CTNJ file photo
2007 rally for Universial Health Care in Bushnell Park (CTNJ file photo)

The debate on universal health care was postponed last year because the 2007 General Assembly wanted to study the issue before passing legislation like its neighboring states.

In the absence of a major statewide policy on access to affordable health care, the 2008 General Assembly did pass five smaller health care bills being praised by health care advocates.

With only a few days left in the session, the General Assembly was able to approve all five bills:

-A bill to establish a new Health Equity Commission, whose mission will be to eliminate disparities in the health status of minorities;

-A bill to expand a pilot program, known as Money Follows the Person, designed to help transition people from nursing homes to less restrictive community settings;

-A bill amending the Medicaid program to include hospice services for low income people who are terminally ill;

-A mental health bill that eliminates the requirement for a three-day stay in an acute care hospital setting before an insurance plan will allow coverage of medically necessary psychological services in a residential facility, and;

-A bill opening the state employee health insurance pool to municipal, nonprofit, and small business employees.

State Healthcare Advocate Kevin Lembo praised the legislature for creating the new Health Equity Commission. In a press release sent earlier this week, Lembo illustrated the need for the commission, citing a 2005 study that showed 265 more Black people died per day than Caucasians in 1998.

“This shocking disparity is the equivalent of crashing a Boeing 777 jet filled with Black Americans every day for a full year,” Lembo said.

In a separate release Lembo also praised the passage of the mental health care bill, SB 167, which eliminates the hurdle to mental health services.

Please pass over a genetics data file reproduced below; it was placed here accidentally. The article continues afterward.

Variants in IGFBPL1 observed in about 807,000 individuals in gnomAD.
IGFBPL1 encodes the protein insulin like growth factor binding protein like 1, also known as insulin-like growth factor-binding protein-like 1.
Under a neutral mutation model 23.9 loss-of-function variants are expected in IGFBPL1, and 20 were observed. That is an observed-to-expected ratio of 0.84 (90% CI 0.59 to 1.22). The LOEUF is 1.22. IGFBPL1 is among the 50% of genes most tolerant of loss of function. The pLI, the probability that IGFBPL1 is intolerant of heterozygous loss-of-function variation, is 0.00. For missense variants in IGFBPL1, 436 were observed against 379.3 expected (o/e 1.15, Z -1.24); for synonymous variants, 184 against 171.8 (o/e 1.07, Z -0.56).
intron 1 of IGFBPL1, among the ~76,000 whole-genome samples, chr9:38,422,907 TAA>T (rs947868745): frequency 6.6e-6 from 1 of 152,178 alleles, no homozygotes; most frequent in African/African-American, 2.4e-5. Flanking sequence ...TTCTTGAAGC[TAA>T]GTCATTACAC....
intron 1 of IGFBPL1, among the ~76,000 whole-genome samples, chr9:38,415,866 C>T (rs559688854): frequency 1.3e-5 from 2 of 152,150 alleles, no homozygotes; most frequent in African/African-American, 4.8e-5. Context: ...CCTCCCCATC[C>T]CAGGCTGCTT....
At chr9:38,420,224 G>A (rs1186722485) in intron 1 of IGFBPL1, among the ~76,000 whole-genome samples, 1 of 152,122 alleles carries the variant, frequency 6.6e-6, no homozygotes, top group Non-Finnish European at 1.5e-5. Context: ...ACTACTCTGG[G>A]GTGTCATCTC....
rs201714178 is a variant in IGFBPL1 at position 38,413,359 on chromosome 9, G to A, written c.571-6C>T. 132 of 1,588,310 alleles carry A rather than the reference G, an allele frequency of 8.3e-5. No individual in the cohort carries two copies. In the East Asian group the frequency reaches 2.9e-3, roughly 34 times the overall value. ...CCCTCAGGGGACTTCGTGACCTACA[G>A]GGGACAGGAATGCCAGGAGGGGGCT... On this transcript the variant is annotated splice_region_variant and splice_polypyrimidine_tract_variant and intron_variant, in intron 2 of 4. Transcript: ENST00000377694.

“Many men, women and children are left floundering in their communities because, according to the current law, they don’t qualify for residential coverage,” Lembo said. “Residential care is a vital service on the mental health care continuum. It is the provider and patient who should decide the most appropriate treatment and level of care.”

This bill, if it’s signed by the governor, will give “children and adults suffering from eating disorders and other serious psychological impairments a real chance for care they need to cope and transition back into their everyday life with the skills to thrive.”

The Connecticut Association for Home Care and Hospice praised the passage of SB 558, which amends the state’ Medicaid program to include hospice services for low income people who are terminally ill and SB 561 which expands the Money Follows the Person pilot.

“More people will be able to avoid institutional care and taxpayers are guaranteed to save money,” Brian Ellsworth, president and CEO of the Connecticut Association for Home Care and Hospice, said. In 2006 alone the home care program saved the state more than $115 million by preventing or delaying nursing home placement.

But with the good news always comes the bad. The state’s current budget situation prevented home care agencies from receiving a cost of living adjustment this year and the federal Medicare program is reducing its payments for home health care.

“The stark reality is that more than two-thirds of our member agencies are losing money on patient care services,” Ellsworth said. “And that number is sure to rise unless something is done.”

The plan to increase nursing home staffing ratios, touted as historic by Democratic leaders in the legislature, fizzled as lawmakers realized they would be unable to increase spending more than the 4 percent in the fiscal 2009 budget approved last year.

The Connecticut Health Care Partnership bill, which allows municipalities, nonprofits, and small business to join the state employee health insurance pool, is awaiting the Gov. M. Jodi Rell’s signature. Wednesday evening Rell expressed reservations about signing the bill, because insurers are balking at the idea and have said they may rebid the current rate if the pool is opened, possibly leaving a $54 million hole in the current year’s budget.